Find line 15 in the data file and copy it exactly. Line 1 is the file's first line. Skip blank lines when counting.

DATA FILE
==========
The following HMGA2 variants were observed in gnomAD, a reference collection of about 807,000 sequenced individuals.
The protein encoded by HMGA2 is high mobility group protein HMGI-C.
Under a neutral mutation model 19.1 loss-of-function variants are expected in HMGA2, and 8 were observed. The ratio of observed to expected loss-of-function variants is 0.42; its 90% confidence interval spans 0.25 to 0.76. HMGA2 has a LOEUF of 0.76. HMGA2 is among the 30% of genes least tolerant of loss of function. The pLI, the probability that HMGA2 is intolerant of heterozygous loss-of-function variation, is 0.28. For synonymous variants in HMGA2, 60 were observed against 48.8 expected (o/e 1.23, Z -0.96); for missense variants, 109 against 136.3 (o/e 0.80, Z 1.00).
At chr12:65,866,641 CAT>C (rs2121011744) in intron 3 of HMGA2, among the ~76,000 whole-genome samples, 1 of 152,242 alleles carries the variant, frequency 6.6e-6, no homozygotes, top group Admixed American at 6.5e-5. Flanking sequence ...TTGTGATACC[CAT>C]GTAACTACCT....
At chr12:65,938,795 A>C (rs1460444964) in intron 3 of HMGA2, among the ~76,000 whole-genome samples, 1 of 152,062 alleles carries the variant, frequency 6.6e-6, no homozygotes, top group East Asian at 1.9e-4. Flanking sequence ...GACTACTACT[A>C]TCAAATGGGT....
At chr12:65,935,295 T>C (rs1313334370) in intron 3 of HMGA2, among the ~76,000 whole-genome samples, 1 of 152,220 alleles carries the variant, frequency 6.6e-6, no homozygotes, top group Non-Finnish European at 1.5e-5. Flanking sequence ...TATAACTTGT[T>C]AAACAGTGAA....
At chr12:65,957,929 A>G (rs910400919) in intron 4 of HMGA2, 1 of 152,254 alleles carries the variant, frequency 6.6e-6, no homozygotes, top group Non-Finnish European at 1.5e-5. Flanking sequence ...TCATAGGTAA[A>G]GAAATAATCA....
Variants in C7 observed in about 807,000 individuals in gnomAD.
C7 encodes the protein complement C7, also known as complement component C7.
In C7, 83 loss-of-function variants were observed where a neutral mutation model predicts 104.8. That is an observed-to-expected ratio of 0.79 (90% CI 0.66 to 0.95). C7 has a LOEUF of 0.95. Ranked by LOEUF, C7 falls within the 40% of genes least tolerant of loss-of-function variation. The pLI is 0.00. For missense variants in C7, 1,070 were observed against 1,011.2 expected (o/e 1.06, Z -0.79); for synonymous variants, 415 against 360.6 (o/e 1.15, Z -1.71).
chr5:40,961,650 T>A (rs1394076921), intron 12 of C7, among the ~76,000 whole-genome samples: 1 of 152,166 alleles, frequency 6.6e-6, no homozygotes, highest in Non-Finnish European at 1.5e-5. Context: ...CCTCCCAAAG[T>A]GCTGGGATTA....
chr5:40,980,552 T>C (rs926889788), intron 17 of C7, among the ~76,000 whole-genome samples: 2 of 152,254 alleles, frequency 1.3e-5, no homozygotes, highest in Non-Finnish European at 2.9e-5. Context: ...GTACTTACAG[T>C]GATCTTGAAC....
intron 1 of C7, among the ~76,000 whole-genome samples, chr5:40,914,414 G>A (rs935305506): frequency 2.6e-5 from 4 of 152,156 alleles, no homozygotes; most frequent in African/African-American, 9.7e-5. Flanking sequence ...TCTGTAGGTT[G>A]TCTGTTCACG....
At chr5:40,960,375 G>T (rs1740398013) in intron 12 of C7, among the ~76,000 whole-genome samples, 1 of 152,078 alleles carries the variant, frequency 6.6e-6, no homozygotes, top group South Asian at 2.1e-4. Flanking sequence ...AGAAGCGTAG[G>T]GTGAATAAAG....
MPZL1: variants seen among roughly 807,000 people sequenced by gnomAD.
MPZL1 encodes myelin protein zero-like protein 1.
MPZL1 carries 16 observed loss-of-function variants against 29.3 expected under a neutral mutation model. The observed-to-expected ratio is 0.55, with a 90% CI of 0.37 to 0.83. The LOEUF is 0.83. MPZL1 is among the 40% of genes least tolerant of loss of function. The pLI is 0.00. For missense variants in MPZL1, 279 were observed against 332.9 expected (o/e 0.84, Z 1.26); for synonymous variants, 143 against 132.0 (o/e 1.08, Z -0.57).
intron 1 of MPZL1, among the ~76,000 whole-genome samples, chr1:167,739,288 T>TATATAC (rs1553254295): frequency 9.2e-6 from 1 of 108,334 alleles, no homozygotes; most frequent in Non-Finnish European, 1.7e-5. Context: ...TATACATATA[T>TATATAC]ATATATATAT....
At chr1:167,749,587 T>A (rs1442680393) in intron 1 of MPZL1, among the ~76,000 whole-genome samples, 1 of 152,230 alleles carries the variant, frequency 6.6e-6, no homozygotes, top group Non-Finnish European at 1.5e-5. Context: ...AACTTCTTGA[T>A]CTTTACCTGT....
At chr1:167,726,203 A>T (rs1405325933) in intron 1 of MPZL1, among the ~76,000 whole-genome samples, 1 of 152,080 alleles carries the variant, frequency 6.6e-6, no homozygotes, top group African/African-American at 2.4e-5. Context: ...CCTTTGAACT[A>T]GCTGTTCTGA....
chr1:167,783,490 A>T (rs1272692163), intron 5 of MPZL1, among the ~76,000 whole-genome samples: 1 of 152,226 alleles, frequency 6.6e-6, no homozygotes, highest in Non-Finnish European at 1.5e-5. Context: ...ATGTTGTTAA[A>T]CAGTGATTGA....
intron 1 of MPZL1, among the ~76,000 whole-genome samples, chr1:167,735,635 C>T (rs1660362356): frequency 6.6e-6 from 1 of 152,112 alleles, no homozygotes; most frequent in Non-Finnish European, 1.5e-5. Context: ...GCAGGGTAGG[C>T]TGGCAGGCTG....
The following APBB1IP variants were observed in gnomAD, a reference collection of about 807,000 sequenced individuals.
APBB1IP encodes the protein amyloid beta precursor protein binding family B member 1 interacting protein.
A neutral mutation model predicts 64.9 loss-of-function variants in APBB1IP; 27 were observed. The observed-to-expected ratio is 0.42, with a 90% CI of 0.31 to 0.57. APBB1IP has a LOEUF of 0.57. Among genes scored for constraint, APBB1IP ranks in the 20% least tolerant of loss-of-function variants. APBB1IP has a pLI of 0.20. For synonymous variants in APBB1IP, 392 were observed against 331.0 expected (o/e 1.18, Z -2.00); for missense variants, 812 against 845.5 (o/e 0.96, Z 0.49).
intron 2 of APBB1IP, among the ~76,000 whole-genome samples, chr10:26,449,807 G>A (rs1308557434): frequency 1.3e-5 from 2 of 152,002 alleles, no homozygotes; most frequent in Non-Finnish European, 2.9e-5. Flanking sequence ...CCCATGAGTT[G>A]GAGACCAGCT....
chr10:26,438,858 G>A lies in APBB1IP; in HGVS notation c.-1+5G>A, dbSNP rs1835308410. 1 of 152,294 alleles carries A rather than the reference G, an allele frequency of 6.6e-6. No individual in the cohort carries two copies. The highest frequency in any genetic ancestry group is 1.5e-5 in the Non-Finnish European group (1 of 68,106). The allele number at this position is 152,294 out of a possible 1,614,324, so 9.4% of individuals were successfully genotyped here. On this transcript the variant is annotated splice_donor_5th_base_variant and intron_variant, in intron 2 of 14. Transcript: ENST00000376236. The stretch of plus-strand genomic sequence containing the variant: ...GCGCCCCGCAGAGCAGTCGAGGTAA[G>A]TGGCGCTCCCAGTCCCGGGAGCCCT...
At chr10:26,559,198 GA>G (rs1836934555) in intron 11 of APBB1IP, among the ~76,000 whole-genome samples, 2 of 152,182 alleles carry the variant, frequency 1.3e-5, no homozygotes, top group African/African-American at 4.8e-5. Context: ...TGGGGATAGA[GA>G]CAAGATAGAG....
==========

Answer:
MPZL1: variants seen among roughly 807,000 people sequenced by gnomAD.